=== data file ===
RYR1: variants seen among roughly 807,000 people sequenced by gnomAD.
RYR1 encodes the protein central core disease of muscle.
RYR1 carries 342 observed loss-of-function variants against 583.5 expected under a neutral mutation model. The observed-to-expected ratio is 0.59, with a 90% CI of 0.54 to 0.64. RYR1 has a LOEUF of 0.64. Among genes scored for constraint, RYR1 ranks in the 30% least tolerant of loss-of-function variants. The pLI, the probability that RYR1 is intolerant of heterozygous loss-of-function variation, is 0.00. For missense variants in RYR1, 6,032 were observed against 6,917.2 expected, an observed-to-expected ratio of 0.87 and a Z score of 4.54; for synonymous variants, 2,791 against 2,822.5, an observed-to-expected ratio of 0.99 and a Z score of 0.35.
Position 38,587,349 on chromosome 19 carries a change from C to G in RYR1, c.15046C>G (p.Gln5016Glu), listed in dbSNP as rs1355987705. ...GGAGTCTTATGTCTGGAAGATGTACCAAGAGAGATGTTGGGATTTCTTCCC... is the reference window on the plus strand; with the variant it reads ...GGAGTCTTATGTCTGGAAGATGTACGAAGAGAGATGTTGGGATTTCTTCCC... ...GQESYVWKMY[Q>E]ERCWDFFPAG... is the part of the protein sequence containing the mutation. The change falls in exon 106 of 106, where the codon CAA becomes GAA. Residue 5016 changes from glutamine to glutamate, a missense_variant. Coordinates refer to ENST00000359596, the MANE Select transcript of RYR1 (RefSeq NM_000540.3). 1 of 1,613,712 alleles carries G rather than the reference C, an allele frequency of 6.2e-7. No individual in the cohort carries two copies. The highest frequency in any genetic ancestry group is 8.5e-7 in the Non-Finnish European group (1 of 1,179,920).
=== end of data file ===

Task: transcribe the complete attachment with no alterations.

RYR1: variants seen among roughly 807,000 people sequenced by gnomAD.
RYR1 encodes the protein central core disease of muscle.
RYR1 carries 342 observed loss-of-function variants against 583.5 expected under a neutral mutation model. The observed-to-expected ratio is 0.59, with a 90% CI of 0.54 to 0.64. RYR1 has a LOEUF of 0.64. Among genes scored for constraint, RYR1 ranks in the 30% least tolerant of loss-of-function variants. The pLI, the probability that RYR1 is intolerant of heterozygous loss-of-function variation, is 0.00. For missense variants in RYR1, 6,032 were observed against 6,917.2 expected, an observed-to-expected ratio of 0.87 and a Z score of 4.54; for synonymous variants, 2,791 against 2,822.5, an observed-to-expected ratio of 0.99 and a Z score of 0.35.
Position 38,587,349 on chromosome 19 carries a change from C to G in RYR1, c.15046C>G (p.Gln5016Glu), listed in dbSNP as rs1355987705. ...GGAGTCTTATGTCTGGAAGATGTACCAAGAGAGATGTTGGGATTTCTTCCC... is the reference window on the plus strand; with the variant it reads ...GGAGTCTTATGTCTGGAAGATGTACGAAGAGAGATGTTGGGATTTCTTCCC... ...GQESYVWKMY[Q>E]ERCWDFFPAG... is the part of the protein sequence containing the mutation. The change falls in exon 106 of 106, where the codon CAA becomes GAA. Residue 5016 changes from glutamine to glutamate, a missense_variant. Coordinates refer to ENST00000359596, the MANE Select transcript of RYR1 (RefSeq NM_000540.3). 1 of 1,613,712 alleles carries G rather than the reference C, an allele frequency of 6.2e-7. No individual in the cohort carries two copies. The highest frequency in any genetic ancestry group is 8.5e-7 in the Non-Finnish European group (1 of 1,179,920).